The world mourns late Robert Mugabe: An Icon of Liberation

The global news channels made headlines over the weekend, following the death on Friday of former longest serving President of Zimbabwe, Robert Gabriel Mugabe, at a the Gleneagles Hospital in Singapore, where he had been hospitalised, since April, this year.

The late 95-year-old liberation fighter, was ousted from power by the military two years ago, after 37 years in power, having led his people to independence from British colonial administration in 1980, to become his country’s Prime Minster and later President.

His death was received with mixed reactions as tributes continue to pour in.

The British Broadcasting Corporation (BBC) reported the death of the late Mugabe, as published in Ghanaian Times, Saturday, September 7, 2019, issue that “Robert Gabriel Mugabe was a man who divide global public opinion like few others.

“To some, he was an evil dictator, who should have ended his days in jail for crimes against humanity. To others, he was a revolutionary hero, who fought racial oppression and stood up to western imperialism and neo-colonialism,” BBC explained.

Indeed, the late Mugabe’s contributions to humanity can be a mixed blessing and inexhaustible.

The Western countries may not see any good in the late Mugabe because of some of his policies, especially the human rights record of his government and his controversial land reform agenda, resulting in sanctions on his administration that brought the economy of Zimbabwe to its knees.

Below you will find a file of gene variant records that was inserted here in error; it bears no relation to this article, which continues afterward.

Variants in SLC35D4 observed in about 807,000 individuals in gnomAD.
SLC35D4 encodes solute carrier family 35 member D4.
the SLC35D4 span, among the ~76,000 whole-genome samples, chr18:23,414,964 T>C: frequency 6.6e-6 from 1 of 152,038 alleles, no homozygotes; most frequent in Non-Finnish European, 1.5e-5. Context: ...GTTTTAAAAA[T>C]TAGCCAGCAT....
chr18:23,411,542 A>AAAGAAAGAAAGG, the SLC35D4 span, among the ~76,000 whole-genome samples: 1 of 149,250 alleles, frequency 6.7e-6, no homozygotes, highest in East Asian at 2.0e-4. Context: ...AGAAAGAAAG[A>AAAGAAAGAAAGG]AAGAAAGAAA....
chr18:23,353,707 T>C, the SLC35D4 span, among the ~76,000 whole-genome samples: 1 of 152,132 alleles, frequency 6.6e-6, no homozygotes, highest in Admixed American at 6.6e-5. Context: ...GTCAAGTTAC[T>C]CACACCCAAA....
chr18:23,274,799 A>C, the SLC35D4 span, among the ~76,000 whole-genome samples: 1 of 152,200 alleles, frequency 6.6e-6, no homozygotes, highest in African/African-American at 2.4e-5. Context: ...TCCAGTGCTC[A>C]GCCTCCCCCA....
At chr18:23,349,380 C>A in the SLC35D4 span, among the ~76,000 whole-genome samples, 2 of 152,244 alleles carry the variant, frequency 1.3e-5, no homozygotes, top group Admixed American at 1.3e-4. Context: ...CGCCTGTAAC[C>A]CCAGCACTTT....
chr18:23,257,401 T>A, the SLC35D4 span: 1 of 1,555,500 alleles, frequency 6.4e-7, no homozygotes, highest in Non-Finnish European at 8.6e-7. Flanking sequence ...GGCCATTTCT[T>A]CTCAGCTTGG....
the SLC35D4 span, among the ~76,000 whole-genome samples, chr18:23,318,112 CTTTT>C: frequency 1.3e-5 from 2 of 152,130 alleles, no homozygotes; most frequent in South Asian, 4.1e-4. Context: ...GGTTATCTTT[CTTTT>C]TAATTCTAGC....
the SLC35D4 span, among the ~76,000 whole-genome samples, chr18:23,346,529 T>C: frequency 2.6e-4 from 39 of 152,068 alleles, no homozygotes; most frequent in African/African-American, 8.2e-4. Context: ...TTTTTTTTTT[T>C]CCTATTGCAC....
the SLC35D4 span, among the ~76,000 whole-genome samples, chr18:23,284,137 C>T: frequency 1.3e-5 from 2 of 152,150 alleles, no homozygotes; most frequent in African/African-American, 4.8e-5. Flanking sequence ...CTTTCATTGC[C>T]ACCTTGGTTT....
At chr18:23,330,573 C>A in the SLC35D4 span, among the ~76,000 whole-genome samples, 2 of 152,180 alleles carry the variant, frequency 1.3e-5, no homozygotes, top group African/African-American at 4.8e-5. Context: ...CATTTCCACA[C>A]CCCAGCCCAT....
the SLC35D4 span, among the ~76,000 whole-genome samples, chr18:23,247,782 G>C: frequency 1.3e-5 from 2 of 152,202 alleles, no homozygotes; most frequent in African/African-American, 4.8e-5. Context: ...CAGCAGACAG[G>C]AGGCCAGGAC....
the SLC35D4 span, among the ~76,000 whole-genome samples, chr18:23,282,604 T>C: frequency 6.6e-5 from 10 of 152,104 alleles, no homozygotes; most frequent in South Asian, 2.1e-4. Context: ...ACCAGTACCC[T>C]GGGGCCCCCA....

However, to Africa, especially Southern African countries, the late Mugabe is most revered, as reflected in the tribute of his colleagues and other statesmen.

Cyril Ramaphosa, President of South Africa, said “Southern Africans join the people and government of Zimbabwe in mourning the passing of a liberation fighter and champion of Africa’s cause against colonialism.”

President Emmerson Mnangagwa, described him as an ‘Icon of Liberation’, in a televised address to announce the passing on of his former boss, and ally in the liberation struggle of Zimbabwe.

He announced that the ruling Zimbabwe African National Union- Popular Front has accorded him a ‘National Hero Status,’ which he said Mugabe ‘richly deserves.’

As a result, he would be laid to rest at the National Heros Acre, located on the hilltops in the national capital Harare, from where stands a huge bronze status of three other Zimbabwean guerrilla fighters.

The National Heros Acre, is exclusively reserved for the internment of Zimbabweans, deemed to have made significant sacrifices for the nation, which emerged as Zimbabwe, from colonial Rhodesia.

Flags are flying at half-mast in Southern African countries, while the people await the arrival of the remains of Mugabe for burial.

President Nana Addo Dankwa Akufo-Addo has Twittered “Robert Mugabe will be remembered, above all, for his immense contribution to the liberation of Zimbabwe and Southern Africa from imperialism, colonialism and racist rule. His dedication to the cause of pan-Africanism is fully acknowledged.”

For us in Ghana, whether dead or alive, Mugabe would remain our ‘own,’ and indeed an in-law, having married our daughter, sister and mother, Sally Mugabe of blessed memory, while in Ghana as teacher, and for liberation struggle tutorials.

We pray Zimbabweans will forgive the great pan Africanist for his past deeds, come together and accord him a befitting state burial, and forge ahead as a united country.

As Marcus Tullius Cicero, Roman philosopher, statesman, orator and lawyer postulated “The life of the dead is placed in the memory of the living”, we extend to Zimbabweans our deepest condolences, and urge them to be guided by the experiences of the past in national building as they mourn one of their beloved great heroes.

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